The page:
Opportunities allude to factors in the organization or the industry that could be advantageous (e.g., positive market changes, a colleague soon to retire, a course opening up to upgrade skills). Threats reflect external factors that could stymie your development and advancement (e.g., anticipated budget cuts or downsizing, belonging to an unstimulating team, fierce competition for the desired promotion, or a new boss that you have difficulty warming up to).

A SWOT analysis is not an intellectual exercise––it is goal-oriented and action-oriented. It is the first step in reevaluating your personal and career goals so that you can determine a concrete, realistic plan of action needed to achieve them.[4]

Using the creation of the world as an analogy to the process we are discussing, the creation tasks were broken down into strengths (e.g., “God saw the light was good”), weaknesses (e.g., some outcomes of creating humankind can be disappointing), threats (humankind seems to have a penchant to conduct itself destructively, portending doom for the world 5) , and opportunities (Noah and his family were an exception, so all is not lost; when they appeared on the horizon, God perceived them as those for whom the world would be worth saving).

Points to Ponder:

  • A vital element of any successful SWOT analysis is having the courage to be honest with yourself.[6] We naturally proceed to do our best in our everyday lives and are reluctant to examine our helpful and unhelpful features systematically. This natural inclination to put off self-assessment is why some feel this analysis is more effective when completed with others, whether in a workshop or with a trusted colleague. Others can challenge you to achieve a more complete analysis, such as “When was the last time you exercised this strength, and how did people react?” “Can this weakness be turned into a strength?” “Is the competition for the promotion all that fierce?” “I noticed you didn’t list your great sense of humor as a strength.”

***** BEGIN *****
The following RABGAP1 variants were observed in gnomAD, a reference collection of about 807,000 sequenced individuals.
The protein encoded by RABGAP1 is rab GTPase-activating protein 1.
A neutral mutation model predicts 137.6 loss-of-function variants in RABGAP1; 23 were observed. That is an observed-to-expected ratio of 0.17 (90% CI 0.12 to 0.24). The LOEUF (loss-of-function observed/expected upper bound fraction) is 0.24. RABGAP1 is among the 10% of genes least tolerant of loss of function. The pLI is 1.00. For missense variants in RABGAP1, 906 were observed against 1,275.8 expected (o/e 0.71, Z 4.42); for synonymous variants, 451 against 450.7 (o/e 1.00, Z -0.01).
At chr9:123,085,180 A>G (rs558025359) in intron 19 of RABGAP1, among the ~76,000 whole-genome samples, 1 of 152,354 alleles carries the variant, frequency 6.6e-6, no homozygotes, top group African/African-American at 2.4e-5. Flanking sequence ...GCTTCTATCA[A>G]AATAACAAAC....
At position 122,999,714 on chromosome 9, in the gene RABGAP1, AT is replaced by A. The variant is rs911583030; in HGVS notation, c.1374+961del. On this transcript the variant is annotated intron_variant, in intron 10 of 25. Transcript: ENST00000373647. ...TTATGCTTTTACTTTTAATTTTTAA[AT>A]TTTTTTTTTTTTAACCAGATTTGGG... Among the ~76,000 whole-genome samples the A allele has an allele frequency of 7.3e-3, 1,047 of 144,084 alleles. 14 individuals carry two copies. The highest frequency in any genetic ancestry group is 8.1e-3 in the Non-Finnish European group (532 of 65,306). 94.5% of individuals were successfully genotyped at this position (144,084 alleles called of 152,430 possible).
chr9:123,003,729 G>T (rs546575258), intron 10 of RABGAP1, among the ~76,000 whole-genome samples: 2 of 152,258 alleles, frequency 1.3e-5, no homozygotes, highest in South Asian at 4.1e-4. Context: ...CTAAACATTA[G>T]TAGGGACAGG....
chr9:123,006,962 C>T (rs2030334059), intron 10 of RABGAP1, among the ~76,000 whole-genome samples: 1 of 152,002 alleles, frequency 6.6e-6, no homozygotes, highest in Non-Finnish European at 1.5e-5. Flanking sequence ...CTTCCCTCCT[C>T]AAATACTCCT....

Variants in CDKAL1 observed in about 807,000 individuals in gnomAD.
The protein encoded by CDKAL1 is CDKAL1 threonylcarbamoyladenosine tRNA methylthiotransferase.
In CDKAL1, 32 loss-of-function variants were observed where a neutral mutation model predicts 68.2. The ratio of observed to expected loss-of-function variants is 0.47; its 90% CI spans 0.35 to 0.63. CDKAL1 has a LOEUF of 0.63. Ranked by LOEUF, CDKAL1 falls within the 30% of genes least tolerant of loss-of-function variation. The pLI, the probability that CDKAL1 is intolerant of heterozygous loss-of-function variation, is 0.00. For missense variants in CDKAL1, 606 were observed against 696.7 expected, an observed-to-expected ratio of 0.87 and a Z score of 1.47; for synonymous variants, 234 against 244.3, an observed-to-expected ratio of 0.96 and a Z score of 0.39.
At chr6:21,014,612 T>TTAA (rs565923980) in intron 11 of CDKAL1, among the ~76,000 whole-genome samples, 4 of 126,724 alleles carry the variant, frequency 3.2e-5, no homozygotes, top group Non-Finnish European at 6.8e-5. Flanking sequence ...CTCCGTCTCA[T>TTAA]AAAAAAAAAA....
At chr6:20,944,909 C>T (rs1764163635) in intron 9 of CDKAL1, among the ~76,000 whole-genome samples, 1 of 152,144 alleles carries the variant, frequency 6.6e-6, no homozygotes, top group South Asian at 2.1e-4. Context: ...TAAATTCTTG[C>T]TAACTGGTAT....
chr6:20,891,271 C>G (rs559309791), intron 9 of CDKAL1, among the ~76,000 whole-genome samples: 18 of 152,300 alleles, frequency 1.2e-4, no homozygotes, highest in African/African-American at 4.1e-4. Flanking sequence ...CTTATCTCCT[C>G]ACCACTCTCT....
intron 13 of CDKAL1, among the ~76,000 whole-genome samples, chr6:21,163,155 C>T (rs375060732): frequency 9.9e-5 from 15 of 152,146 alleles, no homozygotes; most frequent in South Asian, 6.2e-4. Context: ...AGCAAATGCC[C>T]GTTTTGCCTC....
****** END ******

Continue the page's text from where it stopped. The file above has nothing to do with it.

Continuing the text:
• Today, change is a constant, certainly in the job market. At work, changes can include modifying job assignments, changing their format, and fluctuating prospects in the organization. Thus, a useful SWOT analysis cannot be a one-shot exercise. It needs to be executed periodically to reassess your previous judgments and chart your progress. You may have recently completed some training and acquired new skills, or some colleagues may have left their job, thus potentially realigning your previous analysis in all the quadrants. You may have already taken action on a prior analysis that has borne fruit. Your analysis may be performed quarterly or annually, but after a couple of cycles, you will naturally view new personal and external developments as updated content for your next SWOT matrix.

  • Try this: On the first day of next month, complete a draft of your SWOT analysis; then, ask a trusted colleague or significant other to review it with you, offering to do the same with them. You can look forward to new insights and expanded prospects for the future.


[1] Genesis 1:10, 1:12.

[2] Gen. 3:12.

[3] Gen. 6:5–8.

[4] (2021). Personal SWOT analysis to assess and improve yourself.

[5] Moreover, God seemed to identify another threatening development and took action: “The Lord God then said, ’Now that man has become like one of us, knowing good and evil, he must not be allowed to reach out his hand and take also from the Tree of Life, eat, and live forever’ So the Lord God sent him away from the Garden of Eden to work the land from where he had been taken” Genesis 3:22–23.

[6] When questioned by God, our forebears, Adam and Eve, looked to attribute the responsibility for their misdeed on others. They appeared to evade the “whole truth” in their explanation for eating from the forbidden tree and were reluctant to admit their shortcomings.


bottom of page